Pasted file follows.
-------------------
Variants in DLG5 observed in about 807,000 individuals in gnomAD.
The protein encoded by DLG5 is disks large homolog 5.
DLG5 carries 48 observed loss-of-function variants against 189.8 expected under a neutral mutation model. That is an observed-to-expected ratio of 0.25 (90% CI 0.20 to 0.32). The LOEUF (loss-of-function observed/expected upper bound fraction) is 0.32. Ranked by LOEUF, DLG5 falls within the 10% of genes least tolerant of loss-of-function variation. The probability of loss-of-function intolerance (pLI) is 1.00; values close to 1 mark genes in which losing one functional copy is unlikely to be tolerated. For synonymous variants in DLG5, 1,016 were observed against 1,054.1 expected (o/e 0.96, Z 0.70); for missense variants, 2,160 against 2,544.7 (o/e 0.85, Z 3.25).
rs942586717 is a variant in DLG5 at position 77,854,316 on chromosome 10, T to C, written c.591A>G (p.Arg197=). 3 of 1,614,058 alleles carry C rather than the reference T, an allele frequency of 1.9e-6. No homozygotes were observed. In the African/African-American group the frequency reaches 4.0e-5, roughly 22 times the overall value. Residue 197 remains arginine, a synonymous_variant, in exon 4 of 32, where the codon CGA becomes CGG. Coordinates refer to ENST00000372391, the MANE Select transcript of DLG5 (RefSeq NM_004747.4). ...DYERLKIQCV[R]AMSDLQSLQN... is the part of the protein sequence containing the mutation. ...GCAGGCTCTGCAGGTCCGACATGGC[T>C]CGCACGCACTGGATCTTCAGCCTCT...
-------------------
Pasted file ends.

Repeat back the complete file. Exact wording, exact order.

Variants in DLG5 observed in about 807,000 individuals in gnomAD.
The protein encoded by DLG5 is disks large homolog 5.
DLG5 carries 48 observed loss-of-function variants against 189.8 expected under a neutral mutation model. That is an observed-to-expected ratio of 0.25 (90% CI 0.20 to 0.32). The LOEUF (loss-of-function observed/expected upper bound fraction) is 0.32. Ranked by LOEUF, DLG5 falls within the 10% of genes least tolerant of loss-of-function variation. The probability of loss-of-function intolerance (pLI) is 1.00; values close to 1 mark genes in which losing one functional copy is unlikely to be tolerated. For synonymous variants in DLG5, 1,016 were observed against 1,054.1 expected (o/e 0.96, Z 0.70); for missense variants, 2,160 against 2,544.7 (o/e 0.85, Z 3.25).
rs942586717 is a variant in DLG5 at position 77,854,316 on chromosome 10, T to C, written c.591A>G (p.Arg197=). 3 of 1,614,058 alleles carry C rather than the reference T, an allele frequency of 1.9e-6. No homozygotes were observed. In the African/African-American group the frequency reaches 4.0e-5, roughly 22 times the overall value. Residue 197 remains arginine, a synonymous_variant, in exon 4 of 32, where the codon CGA becomes CGG. Coordinates refer to ENST00000372391, the MANE Select transcript of DLG5 (RefSeq NM_004747.4). ...DYERLKIQCV[R]AMSDLQSLQN... is the part of the protein sequence containing the mutation. ...GCAGGCTCTGCAGGTCCGACATGGC[T>C]CGCACGCACTGGATCTTCAGCCTCT...